Submitted to: Journal of Animal Science
Publication Type: Abstract Only
Publication Acceptance Date: 3/15/2004
Publication Date: 3/15/2004
Citation: Kendall, D.C., Kerr, B.J., Frank, J.W., Usry, J.L., Allee, G.L. 2004. Evaluation of the true ileal digestible valine:lysine ratio for 13 to 32 kg barrows. Journal of Animal Science. 82(2):67.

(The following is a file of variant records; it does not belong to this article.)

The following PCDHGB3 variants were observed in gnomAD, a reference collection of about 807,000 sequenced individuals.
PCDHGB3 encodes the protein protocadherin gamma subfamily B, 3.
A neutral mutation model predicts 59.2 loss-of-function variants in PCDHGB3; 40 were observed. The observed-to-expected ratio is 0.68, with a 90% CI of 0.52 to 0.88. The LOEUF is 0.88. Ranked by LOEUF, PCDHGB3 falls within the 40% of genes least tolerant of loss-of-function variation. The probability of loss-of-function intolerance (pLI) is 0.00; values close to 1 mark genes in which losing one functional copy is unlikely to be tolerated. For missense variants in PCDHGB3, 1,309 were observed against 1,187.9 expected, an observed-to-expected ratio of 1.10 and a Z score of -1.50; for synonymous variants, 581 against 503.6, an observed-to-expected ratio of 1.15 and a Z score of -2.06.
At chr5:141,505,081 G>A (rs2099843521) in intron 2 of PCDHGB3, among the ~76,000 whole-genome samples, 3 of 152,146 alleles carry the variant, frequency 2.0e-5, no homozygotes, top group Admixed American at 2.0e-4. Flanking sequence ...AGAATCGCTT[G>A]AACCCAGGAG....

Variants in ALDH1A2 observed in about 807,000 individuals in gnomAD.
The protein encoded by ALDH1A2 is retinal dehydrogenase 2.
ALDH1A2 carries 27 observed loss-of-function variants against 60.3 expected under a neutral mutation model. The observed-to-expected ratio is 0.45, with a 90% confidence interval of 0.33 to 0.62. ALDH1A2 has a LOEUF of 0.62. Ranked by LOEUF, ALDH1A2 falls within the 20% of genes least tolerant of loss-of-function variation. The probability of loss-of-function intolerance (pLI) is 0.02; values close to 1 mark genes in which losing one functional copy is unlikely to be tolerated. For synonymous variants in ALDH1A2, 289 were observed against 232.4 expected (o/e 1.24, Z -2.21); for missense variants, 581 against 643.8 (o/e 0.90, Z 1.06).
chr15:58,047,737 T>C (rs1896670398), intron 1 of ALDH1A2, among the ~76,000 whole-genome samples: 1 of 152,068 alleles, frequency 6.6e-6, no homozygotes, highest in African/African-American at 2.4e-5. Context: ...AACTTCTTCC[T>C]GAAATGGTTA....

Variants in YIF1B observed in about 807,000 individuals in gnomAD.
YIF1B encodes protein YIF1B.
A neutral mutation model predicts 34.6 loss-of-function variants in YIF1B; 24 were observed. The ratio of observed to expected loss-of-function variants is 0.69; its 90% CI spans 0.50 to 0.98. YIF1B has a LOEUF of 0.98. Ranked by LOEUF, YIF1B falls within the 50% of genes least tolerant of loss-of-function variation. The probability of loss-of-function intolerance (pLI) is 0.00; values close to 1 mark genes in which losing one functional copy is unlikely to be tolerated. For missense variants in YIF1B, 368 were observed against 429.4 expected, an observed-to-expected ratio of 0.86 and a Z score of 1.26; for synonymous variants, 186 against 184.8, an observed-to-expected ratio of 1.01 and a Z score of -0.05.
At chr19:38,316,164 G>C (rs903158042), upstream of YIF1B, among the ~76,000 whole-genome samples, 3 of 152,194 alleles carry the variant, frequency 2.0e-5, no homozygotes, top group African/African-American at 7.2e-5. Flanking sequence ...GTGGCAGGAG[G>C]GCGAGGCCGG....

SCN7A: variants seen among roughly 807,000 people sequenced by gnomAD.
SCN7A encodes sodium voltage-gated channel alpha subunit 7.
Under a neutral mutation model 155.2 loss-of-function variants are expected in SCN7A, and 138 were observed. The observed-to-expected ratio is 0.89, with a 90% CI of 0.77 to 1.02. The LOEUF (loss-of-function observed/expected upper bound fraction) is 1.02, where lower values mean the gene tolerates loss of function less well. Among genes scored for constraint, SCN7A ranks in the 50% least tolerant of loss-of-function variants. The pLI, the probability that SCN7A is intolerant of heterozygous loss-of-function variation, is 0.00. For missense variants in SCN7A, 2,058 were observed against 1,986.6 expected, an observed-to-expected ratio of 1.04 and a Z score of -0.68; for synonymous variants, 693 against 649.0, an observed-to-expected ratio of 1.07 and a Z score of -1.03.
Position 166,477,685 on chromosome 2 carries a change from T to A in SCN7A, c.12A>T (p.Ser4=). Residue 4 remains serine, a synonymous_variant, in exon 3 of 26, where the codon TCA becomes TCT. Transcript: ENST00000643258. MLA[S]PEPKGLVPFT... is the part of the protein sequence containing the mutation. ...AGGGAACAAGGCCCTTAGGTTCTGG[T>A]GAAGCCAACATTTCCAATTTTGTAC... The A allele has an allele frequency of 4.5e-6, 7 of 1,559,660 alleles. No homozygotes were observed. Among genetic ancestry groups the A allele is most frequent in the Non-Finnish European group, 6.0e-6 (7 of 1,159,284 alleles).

Technical Abstract: Two experiments were conducted to determine the true ileal digestible (TID) valine:lysine (Val:Lys) ratio for 13 to 32 kg barrows. In Exp. 1, 54 individually housed barrows (PIC C-23; BW = 21.4 kg) were allotted in a randomized complete block design (RCB) with 9 replicate pens in a five-point Val:Lys titration for 14 d. In Exp. 2, 147 barrows (PIC C-23; BW = 13.5 kg) were allotted in a RCB with 7 replicate pens of 3 pigs/pen in a six-point Val:Lys titration for 21 d. Both experiments utilized a corn-soybean meal basal diet containing 0.60% L-Lysine-HCl and additional crystalline amino acids supplied as necessary to meet minimum amino acid ratios, excluding valine. The basal diet was formulated to 1.10% TID lys, 3.37 Mcal ME/kg, and a Val:Lys ratio of 55. L-Valine was added to the basal diet to achieve ratios of 60, 65, 70, and 75 in Exp. 1 and 60, 65, 70, 75, and 80 in Exp. 2. In each experiment, a control corn-soybean meal diet was formulated to contain 1.10% TID lys, 3.37 Mcal ME/kg, 0.20% L-Lysine-HCl, and a Val:Lys ratio of 74. In Exp. 2, serum samples were collected from two pigs/pen at d 0 and d 21 for determination of serum urea nitrogen (SUN). In Exp. 1, a linear increase in ADG (713, 750, 800, 796, and 785 g/d, respectively; P< 0.05) and G:F (545, 549, 572, 584, and 562 g/kg, respectively; P< 0.07) was observed with increasing Val:Lys. Breakpoint analysis revealed TID Val:Lys estimates of 65.8 and 66.2 for ADG and G:F, respectively. In Exp. 2, there was a trend for quadratic improvements in ADG (P< 0.08) and G:F (550, 557, 583, 573, 585, 572 g/kg, respectively; P< .07) with increasing Val:Lys, characterized by an improvement to a ratio of 65 and a plateau thereafter. Pigs fed the control diet did not differ from those fed 65 TID Val:Lys in Exp. 1, but did have improved G:F ratio in Exp. 2 (613 vs. 583 g/kg; P< .03). SUN levels were unaffected by dietary treatment. Using combined requirement estimates, the data suggest that a TID valine:lysine ratio of 65 appears adequate in maintaining performance for pigs from 13 to 32 kg.